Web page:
The Last One?
- Both Fed and ECB are highly likely to hike by 25 bps this week, we think for the last time for the Fed, while we remain more in the “September peak” camp for the ECB, despite some soothing words from hawks.
- Spanish elections may not have brought much clarity, but the country’s underlying situation is robust enough to help it deal with, potentially, some more months of uncertainty.
The Fed is highly likely to hike by 25 basis point this week, but focus will be on the next steps. In the absence of new forecasts, it should be relatively easy for J. Powell to keep his hands free for September. After all, the June statement was already quite non-committal. We think July will mark the end of the Fed’s tightening cycle, but that remains conditional on the further accumulation of signs the US economy is slowing down.
We also think the ECB will hike by 25 bps this week, but to move more convincingly into data dependent mode – now that even hawks don’t want to take a September hike as a given - the central bank must alter its prepared statement to remove the notion that policy rate “will be brought” to sufficiently restrictive level. This would be taken as a major dovish shift by the market, and we think Lagarde will have to offset this by sending some hawkish messages in the Q&A. Looking ahead, there is still a key element missing for the Governing Council to stop hiking beyond July: an observable deceleration in core inflation, unlike in the US.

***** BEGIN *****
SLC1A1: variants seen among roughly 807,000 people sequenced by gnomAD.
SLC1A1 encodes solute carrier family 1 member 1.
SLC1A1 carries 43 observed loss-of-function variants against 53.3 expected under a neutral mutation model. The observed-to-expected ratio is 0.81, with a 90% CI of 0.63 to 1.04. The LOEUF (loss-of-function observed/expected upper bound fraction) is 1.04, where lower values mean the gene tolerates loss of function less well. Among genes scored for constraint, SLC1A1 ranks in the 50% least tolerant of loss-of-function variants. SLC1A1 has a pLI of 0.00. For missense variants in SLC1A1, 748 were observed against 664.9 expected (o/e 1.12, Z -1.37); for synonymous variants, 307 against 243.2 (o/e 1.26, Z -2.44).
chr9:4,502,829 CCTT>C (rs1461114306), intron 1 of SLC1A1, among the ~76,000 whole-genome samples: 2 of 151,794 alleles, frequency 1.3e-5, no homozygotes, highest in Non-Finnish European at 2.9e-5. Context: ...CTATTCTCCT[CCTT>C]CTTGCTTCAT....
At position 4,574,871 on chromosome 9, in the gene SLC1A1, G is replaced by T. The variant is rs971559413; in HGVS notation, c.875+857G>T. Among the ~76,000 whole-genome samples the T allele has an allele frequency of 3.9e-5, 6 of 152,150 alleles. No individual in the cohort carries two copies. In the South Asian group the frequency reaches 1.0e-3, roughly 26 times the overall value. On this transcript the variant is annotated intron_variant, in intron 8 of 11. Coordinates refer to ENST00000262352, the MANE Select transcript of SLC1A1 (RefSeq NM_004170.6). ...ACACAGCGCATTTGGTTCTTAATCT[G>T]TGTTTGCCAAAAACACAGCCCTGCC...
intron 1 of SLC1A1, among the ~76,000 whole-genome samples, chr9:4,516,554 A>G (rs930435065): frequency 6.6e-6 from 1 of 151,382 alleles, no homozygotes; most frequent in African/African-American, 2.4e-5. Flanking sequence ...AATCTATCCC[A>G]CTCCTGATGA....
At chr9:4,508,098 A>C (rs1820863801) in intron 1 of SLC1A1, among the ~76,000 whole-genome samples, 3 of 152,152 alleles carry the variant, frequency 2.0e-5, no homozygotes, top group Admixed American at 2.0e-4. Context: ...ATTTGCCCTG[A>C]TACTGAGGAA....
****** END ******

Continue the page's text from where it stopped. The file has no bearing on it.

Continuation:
The BOE will have until August to decide on its next move. We must be cautious, but the better-than-expected inflation print for June could keep the next hike at 25 bps “only” and reduces the risk the BOE steers a lonely and painful tightening course beyond the summer.
With near complete results on Sunday night, it seems the right-wing block failed to reach a majority in parliament. Pedro Sanchez could in principle cut a deal with regional parties to stay in power, but this would put him in a fragile position and another election in a few months is a real possibility. We review the country’s underlying position and find it overall robust enough to deal with some months of uncertainty without too much market tension.